Do stable patients with a premorbid depression history have a worse outcome after deep brain stimulation for Parkinson disease?
Okun MS, Wu SS, Foote KD, Bowers D, Gogna S, Price C, Malaty I, Rodriguez RL, Jacobson CE, Ward H. Do stable patients with a premorbid depression history have a worse outcome after deep brain stimulation for Parkinson disease? Neurosurgery, 2011 Aug;69(2):357-60; discussion 360-1.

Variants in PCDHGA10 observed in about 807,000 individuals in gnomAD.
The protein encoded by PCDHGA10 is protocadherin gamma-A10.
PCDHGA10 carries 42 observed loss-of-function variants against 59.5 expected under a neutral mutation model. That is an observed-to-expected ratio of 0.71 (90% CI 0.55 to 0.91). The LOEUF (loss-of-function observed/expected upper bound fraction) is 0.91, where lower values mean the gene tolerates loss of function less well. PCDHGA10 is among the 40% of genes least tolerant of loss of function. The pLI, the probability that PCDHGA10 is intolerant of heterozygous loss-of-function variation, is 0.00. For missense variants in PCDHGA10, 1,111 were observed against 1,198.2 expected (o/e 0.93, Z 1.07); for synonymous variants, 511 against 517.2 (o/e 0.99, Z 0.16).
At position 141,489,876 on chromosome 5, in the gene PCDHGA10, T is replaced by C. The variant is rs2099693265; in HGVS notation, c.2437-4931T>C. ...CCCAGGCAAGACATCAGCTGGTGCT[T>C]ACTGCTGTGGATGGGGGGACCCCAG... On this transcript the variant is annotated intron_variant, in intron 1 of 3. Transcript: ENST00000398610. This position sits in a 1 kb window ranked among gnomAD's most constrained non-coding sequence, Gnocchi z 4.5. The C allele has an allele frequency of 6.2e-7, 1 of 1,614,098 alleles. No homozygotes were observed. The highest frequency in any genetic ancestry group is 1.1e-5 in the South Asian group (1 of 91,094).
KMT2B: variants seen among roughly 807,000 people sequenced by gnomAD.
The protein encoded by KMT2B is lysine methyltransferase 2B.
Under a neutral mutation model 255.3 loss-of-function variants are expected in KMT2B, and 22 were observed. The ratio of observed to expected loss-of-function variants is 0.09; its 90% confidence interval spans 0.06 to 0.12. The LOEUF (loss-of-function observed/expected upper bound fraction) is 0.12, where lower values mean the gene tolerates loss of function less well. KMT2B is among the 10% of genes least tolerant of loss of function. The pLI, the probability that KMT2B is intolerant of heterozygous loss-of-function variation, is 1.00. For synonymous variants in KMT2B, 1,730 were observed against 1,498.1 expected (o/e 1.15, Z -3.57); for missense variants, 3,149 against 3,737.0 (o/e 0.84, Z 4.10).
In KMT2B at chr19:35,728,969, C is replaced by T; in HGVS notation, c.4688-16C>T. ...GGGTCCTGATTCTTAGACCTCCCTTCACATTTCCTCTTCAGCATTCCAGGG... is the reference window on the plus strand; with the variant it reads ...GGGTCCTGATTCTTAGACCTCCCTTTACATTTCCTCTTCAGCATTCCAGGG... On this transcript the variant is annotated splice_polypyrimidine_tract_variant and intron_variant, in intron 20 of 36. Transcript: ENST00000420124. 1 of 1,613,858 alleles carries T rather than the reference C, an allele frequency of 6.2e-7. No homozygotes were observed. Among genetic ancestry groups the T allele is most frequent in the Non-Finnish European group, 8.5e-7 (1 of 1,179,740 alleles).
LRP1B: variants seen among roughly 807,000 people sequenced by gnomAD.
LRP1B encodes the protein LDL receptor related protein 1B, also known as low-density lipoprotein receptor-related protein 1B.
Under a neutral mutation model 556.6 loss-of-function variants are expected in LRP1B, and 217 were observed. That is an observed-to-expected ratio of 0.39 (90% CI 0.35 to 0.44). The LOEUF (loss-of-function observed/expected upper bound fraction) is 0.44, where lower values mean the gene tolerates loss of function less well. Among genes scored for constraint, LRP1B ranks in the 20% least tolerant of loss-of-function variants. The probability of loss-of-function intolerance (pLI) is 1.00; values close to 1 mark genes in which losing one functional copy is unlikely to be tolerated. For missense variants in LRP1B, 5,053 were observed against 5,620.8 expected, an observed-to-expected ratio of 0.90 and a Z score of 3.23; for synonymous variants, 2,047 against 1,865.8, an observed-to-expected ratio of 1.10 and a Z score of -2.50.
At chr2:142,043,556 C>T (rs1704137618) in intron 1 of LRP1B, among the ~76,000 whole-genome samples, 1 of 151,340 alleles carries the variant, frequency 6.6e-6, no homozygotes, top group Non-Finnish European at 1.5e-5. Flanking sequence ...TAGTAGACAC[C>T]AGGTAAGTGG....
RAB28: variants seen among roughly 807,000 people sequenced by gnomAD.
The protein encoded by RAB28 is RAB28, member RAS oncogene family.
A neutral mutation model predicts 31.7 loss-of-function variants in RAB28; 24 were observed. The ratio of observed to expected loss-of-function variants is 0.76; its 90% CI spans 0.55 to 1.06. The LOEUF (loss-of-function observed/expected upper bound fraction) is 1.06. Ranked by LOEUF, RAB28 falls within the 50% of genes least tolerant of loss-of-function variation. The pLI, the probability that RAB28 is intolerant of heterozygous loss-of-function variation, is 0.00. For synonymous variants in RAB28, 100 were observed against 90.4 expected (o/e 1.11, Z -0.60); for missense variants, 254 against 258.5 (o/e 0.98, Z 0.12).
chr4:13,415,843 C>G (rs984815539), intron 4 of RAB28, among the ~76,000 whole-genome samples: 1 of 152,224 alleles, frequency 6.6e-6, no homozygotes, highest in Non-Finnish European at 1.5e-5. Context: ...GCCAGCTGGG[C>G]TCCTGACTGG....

The exact relationships between DBS for PD and nonmotor symptoms are commonly unknown. Such is the case for depression. The purpose of this study was to look at postsurgical outcomes for people with Parkinson’s disease (PWP) who also had a history of depression prior to the surgery versus those without any depression. An equal number of participants in this study had either unilateral DBS STN or GPi. It is also notable that the depressed individuals were successfully treated for their depression prior to the surgery. After surgical intervention, the authors found that the previously depressed group reported more symptoms of feeling depressed but their scores would still be classified in the “normal to mild” range. They also found that the younger patients and those who had PD for a longer length of time had better improvement in their motor testing. However, the previously depressed group and those taking higher dosages of levodopa experienced less improvement in their motor scores after surgery. These results are significant in assisting in the decision for one to undergo DBS. The authors concluded that PWP who have a history of depression may experience milder improvement in motor symptoms as well as mild worsening of nonmotor symptoms (e.g. depressive symptoms). It is noted that although there were statistical differences, the clinical significance of the differences was very small. The reasoning for such postsurgical differences still remains unknown, but the authors recommend the use of a multidisciplinary team (neurology, neurosurgery, neuropsychology, and psychiatry) to try to better understand 1. the relationship between a history of pre-surgery depression and outcome following DBS, 2. factors that can improve outcome predictions in DBS for those individuals with a history of depression, 3. best surgical candidates, and 4. best treatment options/best medical intervention for the PWP.